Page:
Q: What are the benefits of becoming a member of American Forests?
A: American Forests’ members automatically receive our award-winning quarterly publication American Forests magazine, our e-newsletter Forestbytes, and regular updates on our work. They are also the first to hear about new opportunities to become engaged in our work, and opportunities to learn more about forests and trees.
Q: I want to help American Forests’ mission, but am not able to make a donation. Is there another way for me to contribute?
A: Donations are what allow us to accomplish our work in ecosystem restoration, tree planting, policy, environmental education, and more. But there are other things that you can do to help. Staying informed and helping to spread the word about the issues facing forests today are some of the most important things you can do. When you read the latest issue of Forest Files, forward it to friends and co-workers. Find us on Facebook and Twitter to get even more tree- and forest-related news. Share what you learn with your friends, and point them towards the same resources. The more people know and understand about why forests need to be protected and restored, the easier our work will be.
Q: How will my donation be used?
A: To specify where you want your donation to go, simply click the appropriate box before confirming your information.
Q: Can I donate to benefit a specific project, region, or species?
A: At times, American Forests will run special campaigns focused on specific projects or initiatives, such as a massive effort to restore the decimated whitebark pine forests in the Upper Yellowstone region, or projects that specifically target sensitive areas like the Chesapeake Bay. To stay on top of current campaigns and promotions, sign up for our email list.
Q: Do you have to donate regularly to be a member?
A: The cost of an American Forests membership is $25 per year, but additional donations help us to do more to restore and protect forests. If you would like to do more and become an ongoing contributor, we offer a simple monthly or quarterly credit card billing option.
Q: Can I plant trees in someone else’s name as a gift?
A: Certainly. We think that planting trees on someone’s behalf is a great way to honor them – and since trees provide so many natural benefits, it is the ultimate “gift that keeps on giving.” To use the gift option, simply check the appropriate box when you click on Plant Trees, and fill out the necessary information.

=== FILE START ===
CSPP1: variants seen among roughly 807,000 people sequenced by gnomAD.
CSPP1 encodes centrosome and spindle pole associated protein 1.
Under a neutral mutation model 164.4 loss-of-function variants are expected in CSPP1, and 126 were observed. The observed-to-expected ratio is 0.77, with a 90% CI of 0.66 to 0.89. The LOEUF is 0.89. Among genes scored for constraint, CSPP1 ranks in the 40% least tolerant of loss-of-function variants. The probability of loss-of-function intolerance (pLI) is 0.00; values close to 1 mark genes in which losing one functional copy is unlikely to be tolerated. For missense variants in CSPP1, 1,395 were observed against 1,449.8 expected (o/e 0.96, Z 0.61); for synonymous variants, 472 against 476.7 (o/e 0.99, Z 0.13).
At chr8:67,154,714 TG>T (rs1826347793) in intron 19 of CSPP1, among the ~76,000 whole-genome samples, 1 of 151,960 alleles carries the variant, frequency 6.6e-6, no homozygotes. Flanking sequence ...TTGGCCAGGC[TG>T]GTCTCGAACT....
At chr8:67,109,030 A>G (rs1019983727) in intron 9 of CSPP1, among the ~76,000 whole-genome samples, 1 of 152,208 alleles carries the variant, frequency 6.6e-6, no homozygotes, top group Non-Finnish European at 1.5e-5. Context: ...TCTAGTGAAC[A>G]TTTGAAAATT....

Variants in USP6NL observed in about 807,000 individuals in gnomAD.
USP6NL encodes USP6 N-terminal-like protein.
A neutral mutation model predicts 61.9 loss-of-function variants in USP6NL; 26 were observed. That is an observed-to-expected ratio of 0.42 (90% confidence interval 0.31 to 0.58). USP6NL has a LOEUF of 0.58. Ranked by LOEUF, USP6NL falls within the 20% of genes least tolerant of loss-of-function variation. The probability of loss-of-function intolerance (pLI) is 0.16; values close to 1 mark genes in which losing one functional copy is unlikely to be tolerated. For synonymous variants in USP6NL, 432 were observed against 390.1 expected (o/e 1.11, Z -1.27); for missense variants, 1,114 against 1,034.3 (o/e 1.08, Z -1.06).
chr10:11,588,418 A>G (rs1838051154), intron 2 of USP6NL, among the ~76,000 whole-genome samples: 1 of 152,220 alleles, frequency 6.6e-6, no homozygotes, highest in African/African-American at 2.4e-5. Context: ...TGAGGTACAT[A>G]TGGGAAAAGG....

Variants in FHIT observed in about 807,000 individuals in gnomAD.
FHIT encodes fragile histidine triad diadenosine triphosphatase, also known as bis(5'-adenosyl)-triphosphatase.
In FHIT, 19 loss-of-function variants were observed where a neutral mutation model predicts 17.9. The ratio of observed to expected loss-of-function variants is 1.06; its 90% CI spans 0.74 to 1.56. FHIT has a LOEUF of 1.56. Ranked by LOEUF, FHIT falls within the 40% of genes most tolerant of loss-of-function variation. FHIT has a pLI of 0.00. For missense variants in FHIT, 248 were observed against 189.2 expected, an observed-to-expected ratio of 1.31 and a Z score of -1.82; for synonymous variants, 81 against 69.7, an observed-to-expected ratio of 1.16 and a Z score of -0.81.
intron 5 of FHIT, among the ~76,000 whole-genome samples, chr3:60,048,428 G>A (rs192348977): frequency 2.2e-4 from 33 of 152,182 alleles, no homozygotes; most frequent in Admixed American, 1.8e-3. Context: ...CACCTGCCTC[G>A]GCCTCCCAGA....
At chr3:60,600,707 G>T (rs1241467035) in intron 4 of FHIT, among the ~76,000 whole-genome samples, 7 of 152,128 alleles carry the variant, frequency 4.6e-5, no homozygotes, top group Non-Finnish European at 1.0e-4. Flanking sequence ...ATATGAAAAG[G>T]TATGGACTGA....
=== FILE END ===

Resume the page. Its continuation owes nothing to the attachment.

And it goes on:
Q: If I become a member, how will my information be used?
Q: I want to apply for an American Forests grant for a tree-planting project in my region. What do I need?
A: The Global ReLeaf Global grant application is not available at this time.
Q: Can I volunteer for American Forests?
A: We are developing a number of volunteer engagement opportunities, including a forest walk leadership series, in which volunteers would lead people from their community on informative walks in the woods. There will be more information available once these programs start, so stay tuned.
Q: Can I be a member, but not receive the magazine?
A: Yes. You can opt out of receiving the magazine by checking the appropriate box on our membership page.
Q: Is it wrong to use paper or other forest products?
A: If done responsibly, no. When timber, paper, medicines, or other products are harvested sustainably, using them does not destroy the local forest or ecosystem and can provide a number of environmental benefits. And because wood is a renewable resource, it’s greener than many other building materials. The key is reducing waste and ensuring that timber is harvested in a sustainable way. By making sure that the companies you buy from are producing their products sustainably, you can encourage other companies to use the same eco-friendly practices.
Q: What does it mean to use forests in a sustainable way?
A: Using forests sustainably means doing so in a way that lets them continue to function as healthy forest ecosystems. This can mean taking down only trees of a certain type or age, planting more trees than are used, maintaining diversity of species and age instead of monocultures, or other forest-friendly methods.